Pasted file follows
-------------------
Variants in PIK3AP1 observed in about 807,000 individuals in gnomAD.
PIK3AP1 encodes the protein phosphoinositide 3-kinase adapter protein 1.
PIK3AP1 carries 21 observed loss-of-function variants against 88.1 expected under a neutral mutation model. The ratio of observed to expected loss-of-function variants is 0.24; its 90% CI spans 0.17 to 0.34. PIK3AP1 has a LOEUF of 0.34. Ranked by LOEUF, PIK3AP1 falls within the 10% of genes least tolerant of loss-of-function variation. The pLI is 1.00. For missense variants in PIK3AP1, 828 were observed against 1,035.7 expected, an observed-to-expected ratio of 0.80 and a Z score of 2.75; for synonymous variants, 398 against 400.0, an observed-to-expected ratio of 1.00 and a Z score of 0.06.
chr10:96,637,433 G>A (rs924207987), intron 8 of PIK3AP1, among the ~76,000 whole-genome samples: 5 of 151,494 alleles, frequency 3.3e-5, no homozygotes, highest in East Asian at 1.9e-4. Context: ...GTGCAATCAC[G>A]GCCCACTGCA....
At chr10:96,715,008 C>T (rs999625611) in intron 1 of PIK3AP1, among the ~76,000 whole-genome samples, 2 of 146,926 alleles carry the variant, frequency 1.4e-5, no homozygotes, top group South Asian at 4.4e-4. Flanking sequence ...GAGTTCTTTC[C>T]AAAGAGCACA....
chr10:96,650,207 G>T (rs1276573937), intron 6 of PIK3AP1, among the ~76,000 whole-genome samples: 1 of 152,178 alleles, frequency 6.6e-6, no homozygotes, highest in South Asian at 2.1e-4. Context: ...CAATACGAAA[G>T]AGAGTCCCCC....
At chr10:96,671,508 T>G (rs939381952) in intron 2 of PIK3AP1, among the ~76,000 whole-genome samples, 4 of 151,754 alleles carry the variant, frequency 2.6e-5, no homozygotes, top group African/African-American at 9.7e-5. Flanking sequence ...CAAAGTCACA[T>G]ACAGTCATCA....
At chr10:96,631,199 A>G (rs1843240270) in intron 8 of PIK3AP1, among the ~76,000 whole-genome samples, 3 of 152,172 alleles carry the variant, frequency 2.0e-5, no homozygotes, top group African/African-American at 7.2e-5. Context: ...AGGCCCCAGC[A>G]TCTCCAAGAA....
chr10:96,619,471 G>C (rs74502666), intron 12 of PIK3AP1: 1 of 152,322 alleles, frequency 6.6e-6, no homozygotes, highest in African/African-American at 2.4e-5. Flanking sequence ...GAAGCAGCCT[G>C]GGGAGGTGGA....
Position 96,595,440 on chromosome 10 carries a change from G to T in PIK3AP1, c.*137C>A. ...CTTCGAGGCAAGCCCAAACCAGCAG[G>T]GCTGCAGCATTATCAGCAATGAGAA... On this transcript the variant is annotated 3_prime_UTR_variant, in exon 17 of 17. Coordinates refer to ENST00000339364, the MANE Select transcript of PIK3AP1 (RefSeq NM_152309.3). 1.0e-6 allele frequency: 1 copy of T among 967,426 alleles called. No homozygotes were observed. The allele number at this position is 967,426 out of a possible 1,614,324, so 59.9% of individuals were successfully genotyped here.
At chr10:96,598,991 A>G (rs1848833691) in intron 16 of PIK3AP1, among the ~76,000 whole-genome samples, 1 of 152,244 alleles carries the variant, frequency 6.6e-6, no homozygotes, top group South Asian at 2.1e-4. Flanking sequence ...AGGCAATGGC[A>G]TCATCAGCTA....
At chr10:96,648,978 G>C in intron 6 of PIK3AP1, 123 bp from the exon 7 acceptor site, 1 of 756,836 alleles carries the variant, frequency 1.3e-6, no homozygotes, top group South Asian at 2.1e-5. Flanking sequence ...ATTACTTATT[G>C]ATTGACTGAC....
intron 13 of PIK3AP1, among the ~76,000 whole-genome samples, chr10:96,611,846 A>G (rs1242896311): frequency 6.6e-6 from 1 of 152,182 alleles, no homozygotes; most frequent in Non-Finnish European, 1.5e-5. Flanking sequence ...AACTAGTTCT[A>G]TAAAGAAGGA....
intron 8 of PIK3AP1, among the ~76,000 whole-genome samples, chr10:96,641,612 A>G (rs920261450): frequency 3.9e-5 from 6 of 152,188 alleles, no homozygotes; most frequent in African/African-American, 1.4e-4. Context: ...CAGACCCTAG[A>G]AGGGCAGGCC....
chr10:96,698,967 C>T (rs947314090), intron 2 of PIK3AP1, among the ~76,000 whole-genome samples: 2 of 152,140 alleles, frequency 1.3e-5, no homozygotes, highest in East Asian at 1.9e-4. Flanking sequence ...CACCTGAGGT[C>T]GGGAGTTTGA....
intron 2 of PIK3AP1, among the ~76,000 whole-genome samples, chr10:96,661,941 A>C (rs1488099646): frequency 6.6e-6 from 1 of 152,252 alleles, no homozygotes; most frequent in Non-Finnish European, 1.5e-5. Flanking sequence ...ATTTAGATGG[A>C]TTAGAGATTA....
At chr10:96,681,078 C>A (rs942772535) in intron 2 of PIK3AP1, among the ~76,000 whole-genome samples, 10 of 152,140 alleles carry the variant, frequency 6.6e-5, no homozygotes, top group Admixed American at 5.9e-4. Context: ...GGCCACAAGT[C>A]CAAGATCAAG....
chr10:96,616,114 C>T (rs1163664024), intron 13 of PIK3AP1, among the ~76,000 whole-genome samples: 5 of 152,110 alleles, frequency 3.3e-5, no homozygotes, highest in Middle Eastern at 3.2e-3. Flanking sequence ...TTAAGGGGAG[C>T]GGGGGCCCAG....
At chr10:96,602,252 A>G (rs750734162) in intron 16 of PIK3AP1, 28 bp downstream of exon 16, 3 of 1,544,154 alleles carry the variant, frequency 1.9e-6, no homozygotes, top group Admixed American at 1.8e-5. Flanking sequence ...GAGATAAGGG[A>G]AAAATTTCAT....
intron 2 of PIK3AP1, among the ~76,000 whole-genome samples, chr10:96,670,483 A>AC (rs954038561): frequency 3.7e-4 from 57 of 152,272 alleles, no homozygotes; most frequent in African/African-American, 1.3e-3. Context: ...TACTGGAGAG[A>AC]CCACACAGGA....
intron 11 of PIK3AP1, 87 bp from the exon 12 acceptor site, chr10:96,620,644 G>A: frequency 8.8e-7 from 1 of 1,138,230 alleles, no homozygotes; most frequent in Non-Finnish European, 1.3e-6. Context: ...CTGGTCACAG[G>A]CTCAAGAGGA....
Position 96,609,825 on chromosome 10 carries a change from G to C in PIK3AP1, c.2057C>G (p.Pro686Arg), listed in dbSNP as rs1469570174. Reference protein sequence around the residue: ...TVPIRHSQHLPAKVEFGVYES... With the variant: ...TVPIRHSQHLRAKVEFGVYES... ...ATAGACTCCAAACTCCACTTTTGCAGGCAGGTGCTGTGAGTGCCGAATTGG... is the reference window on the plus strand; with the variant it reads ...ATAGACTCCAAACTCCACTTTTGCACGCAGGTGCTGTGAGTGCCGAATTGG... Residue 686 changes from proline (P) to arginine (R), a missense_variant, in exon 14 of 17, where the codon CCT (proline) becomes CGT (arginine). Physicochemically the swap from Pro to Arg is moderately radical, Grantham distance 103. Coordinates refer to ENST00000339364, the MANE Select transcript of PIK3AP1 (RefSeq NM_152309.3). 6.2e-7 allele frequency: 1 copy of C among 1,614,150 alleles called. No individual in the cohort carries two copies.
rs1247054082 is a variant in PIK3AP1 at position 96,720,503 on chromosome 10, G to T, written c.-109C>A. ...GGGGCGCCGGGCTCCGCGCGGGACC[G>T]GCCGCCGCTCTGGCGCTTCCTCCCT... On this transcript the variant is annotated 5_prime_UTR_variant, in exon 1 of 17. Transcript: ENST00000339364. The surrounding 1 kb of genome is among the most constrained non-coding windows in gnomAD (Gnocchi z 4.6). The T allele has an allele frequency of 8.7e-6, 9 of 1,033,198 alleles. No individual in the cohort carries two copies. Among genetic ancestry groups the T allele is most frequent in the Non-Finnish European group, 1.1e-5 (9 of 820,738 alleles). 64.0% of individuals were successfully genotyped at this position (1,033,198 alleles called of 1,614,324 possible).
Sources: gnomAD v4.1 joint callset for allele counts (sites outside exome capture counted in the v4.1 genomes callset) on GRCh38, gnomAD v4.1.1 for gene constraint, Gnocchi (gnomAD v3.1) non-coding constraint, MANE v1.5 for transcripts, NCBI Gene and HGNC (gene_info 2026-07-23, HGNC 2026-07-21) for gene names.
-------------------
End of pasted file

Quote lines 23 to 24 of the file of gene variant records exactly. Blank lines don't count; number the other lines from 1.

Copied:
rs1247054082 is a variant in PIK3AP1 at position 96,720,503 on chromosome 10, G to T, written c.-109C>A. ...GGGGCGCCGGGCTCCGCGCGGGACC[G>T]GCCGCCGCTCTGGCGCTTCCTCCCT... On this transcript the variant is annotated 5_prime_UTR_variant, in exon 1 of 17. Transcript: ENST00000339364. The surrounding 1 kb of genome is among the most constrained non-coding windows in gnomAD (Gnocchi z 4.6). The T allele has an allele frequency of 8.7e-6, 9 of 1,033,198 alleles. No individual in the cohort carries two copies. Among genetic ancestry groups the T allele is most frequent in the Non-Finnish European group, 1.1e-5 (9 of 820,738 alleles). 64.0% of individuals were successfully genotyped at this position (1,033,198 alleles called of 1,614,324 possible).
Sources: gnomAD v4.1 joint callset for allele counts (sites outside exome capture counted in the v4.1 genomes callset) on GRCh38, gnomAD v4.1.1 for gene constraint, Gnocchi (gnomAD v3.1) non-coding constraint, MANE v1.5 for transcripts, NCBI Gene and HGNC (gene_info 2026-07-23, HGNC 2026-07-21) for gene names.